My name is Matthias. Like Cher, I’ve decided not to publish with my full name, for a few reasons, but mostly as a result of recent conversations with my wife about spam (not the meat) and security. I admit, I’ve been reluctant to adopt social media generally – because in my view, all of this capability for communicating has, in fact, made us less social. Have you noticed how many people text/email someone who happens to be sitting right beside them? or in the next cubicle?
For now, you’ll learn more about me as I post to this blog. Suffice it to say, I believe I could probably post every day for a year just recalling my years with DALSA, well, Teledyne DALSA – except that like you, I get caught up in the daily requirements of my work and find myself too busy. Now that we’re here, I am looking forward to sharing with you my perspective on sensor design, pixels, and the challenges of delivering leading technology to our many customers with their very many interesting uses for it.
Quantum Efficiency is the measure of how well a given sensor can convert photons (of a given wavelength) into electrons (as can be measured on the sensor output). Obviously at the beginning of this process there is a physical basis: photons have to arrive at the sensor surface (and we can discuss optical parameters that relate to scene, lenses etc. at another time). We set this number at 100%. In the graphic below, this number is illustrated by the parallel light rays reaching the pixel surface.
Next, these photons have to travel through the sensor’s optical stack (which is the front of the sensor optically, but referred to commonly as the “backend” in terms of processing wafers) where loss occurs due to reflection on metal and oxide interface layers. The illustration below shows a single pixel being exposed to light (rays) with and without micro lenses applied. The loss is illustrated as light rays not reaching the photodiode.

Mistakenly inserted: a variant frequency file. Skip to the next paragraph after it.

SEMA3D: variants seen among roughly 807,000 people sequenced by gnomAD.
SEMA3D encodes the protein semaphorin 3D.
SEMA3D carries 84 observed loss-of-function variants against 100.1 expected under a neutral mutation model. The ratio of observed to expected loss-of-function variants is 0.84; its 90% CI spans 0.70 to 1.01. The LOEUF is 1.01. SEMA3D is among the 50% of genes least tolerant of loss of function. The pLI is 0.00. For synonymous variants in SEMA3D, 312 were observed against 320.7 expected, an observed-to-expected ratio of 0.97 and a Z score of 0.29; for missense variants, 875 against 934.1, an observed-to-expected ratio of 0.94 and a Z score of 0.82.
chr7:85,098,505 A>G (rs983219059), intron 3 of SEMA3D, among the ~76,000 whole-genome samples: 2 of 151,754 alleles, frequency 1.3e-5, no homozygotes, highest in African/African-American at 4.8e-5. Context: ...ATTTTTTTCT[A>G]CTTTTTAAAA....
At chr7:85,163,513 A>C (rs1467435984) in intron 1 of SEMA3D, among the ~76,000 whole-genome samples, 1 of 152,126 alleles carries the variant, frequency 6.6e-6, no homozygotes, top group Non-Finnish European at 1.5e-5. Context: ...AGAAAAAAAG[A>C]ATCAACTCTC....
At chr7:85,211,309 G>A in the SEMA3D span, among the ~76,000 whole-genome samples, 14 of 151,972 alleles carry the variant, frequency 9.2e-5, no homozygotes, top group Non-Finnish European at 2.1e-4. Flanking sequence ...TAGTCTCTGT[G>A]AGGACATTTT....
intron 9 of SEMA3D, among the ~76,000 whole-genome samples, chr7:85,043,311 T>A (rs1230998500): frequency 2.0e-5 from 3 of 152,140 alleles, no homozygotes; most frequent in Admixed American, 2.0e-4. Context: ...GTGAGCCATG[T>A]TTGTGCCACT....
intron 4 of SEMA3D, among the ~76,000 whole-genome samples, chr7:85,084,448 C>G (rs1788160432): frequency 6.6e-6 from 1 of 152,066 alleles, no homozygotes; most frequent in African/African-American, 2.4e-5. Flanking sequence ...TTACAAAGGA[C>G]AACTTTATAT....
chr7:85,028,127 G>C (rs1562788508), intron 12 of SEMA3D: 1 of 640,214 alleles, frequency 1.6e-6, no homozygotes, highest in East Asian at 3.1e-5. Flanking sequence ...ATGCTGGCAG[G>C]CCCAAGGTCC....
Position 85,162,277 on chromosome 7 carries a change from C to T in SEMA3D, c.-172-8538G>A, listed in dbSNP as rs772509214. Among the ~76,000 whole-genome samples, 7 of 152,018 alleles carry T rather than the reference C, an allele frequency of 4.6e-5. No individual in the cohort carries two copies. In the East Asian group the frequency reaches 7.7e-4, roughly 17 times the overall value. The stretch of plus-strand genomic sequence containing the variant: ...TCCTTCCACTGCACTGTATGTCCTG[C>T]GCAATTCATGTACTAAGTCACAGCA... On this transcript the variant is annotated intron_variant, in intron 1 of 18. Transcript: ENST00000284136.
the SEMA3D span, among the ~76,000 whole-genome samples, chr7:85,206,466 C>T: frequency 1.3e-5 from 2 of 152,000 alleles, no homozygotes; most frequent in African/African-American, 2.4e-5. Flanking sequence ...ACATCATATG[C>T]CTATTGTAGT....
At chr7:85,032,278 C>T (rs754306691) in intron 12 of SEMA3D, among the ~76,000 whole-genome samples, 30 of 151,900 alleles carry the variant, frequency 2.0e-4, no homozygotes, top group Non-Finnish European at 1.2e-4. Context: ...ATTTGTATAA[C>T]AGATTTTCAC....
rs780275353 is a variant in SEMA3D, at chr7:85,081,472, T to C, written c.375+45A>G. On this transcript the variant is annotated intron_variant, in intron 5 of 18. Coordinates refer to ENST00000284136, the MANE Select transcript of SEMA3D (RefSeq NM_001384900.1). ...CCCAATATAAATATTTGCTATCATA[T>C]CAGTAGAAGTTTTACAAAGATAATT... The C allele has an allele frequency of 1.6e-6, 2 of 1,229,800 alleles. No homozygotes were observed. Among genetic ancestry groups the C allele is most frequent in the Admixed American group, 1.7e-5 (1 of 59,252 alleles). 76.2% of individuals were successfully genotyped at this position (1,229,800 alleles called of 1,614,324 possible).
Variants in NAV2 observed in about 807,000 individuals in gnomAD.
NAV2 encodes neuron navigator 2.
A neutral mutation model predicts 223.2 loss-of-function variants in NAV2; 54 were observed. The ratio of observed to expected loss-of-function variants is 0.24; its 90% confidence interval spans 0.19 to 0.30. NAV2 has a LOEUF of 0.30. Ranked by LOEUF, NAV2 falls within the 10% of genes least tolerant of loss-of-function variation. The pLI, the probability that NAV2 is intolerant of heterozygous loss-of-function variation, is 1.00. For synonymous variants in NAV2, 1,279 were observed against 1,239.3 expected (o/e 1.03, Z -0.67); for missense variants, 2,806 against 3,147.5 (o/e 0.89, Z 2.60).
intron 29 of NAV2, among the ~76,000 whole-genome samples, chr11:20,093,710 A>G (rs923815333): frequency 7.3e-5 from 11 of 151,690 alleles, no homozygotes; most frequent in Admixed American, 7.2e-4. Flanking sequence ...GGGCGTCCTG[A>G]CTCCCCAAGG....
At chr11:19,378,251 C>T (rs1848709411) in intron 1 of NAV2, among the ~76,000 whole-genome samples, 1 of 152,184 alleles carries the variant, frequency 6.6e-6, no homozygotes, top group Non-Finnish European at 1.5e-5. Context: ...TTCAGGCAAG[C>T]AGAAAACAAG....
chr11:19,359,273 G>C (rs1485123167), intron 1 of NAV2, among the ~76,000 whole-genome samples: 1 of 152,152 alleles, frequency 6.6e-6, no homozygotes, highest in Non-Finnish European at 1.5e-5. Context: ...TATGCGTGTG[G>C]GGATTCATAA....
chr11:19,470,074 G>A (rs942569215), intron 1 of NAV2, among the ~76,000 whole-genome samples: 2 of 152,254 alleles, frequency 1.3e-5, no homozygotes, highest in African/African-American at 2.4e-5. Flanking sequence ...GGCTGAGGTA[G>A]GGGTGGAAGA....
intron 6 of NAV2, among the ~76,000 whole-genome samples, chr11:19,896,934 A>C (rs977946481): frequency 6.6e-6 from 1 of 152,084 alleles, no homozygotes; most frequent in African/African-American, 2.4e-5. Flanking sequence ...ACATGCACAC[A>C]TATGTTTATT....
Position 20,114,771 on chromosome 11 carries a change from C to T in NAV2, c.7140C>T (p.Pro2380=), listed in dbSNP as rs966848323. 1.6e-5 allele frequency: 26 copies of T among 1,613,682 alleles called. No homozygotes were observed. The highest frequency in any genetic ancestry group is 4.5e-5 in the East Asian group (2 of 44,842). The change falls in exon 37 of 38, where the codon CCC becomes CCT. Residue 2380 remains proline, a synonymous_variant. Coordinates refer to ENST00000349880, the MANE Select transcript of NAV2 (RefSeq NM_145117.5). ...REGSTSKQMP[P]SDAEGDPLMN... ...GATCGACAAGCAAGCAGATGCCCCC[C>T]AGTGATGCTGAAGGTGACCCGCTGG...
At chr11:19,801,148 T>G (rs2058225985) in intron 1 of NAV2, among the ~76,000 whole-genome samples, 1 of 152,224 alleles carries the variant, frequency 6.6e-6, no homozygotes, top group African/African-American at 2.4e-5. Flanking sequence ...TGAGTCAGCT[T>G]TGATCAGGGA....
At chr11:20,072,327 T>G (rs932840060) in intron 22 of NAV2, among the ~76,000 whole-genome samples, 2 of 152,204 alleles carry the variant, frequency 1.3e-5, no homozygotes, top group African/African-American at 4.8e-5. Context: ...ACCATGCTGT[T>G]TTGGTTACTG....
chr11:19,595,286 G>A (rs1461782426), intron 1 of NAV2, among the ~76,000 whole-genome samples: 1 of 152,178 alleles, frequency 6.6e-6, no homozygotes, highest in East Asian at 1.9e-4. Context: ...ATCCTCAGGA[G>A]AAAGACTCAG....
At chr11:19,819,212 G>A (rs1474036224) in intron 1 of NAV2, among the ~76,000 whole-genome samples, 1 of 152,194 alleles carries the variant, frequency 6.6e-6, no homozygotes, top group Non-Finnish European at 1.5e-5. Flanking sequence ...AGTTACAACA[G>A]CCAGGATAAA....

Once through the optical stack only a fraction of the original photons arrive “safely”. We can call this percentage M%.
Now the material science of silicon kicks in and converts these M% photons into electrons. This is a physical property of silicon and pretty much the same for all image sensors based on plain, implanted silicon photo diodes. Note that there can be differences based on wavelength etc. depending on the implant profiles!
So, let’s say my silicon has a photon-to-electron conversion factor of N%. This N% number is typically referred to as “Quantum Efficiency” or “QE”. Note that this is largely a physical property of the material.
What we really care about is the combination of all effects. As a user, you won’t be so concerned with the material property of the silicon, but how much light (photons) you need to send to get a certain number of electrons (output signal). So to get the “effective Quantum Efficiency” or “eff. QE” we need to consider all loss mechanisms:
eff QE = QE * Optical stack loss = N% * M%
In simple cases the “Optical Stack loss” is provided as the “Fill Factor” of a given pixel. Here one must distinguish between a physical Fill Factor (e.g. the ratio or non-metallized pixel region divided by the total pixel area) and an optical Fill Factor (e.g. using a micro lens the metal aperture is much less limiting). Good micro lenses achieve effective Fill Factors that are near 100% while a good pixel design usually has a physical Fill Factor around 50% (when we look at Machine Vision type pixels in the realm of 5 um pitch).
Next we will review what happens when the light incidence is not normal (i.e. vertical to the pixel surface) but comes in with a non-zero Chief Ray Angles (“CRA”).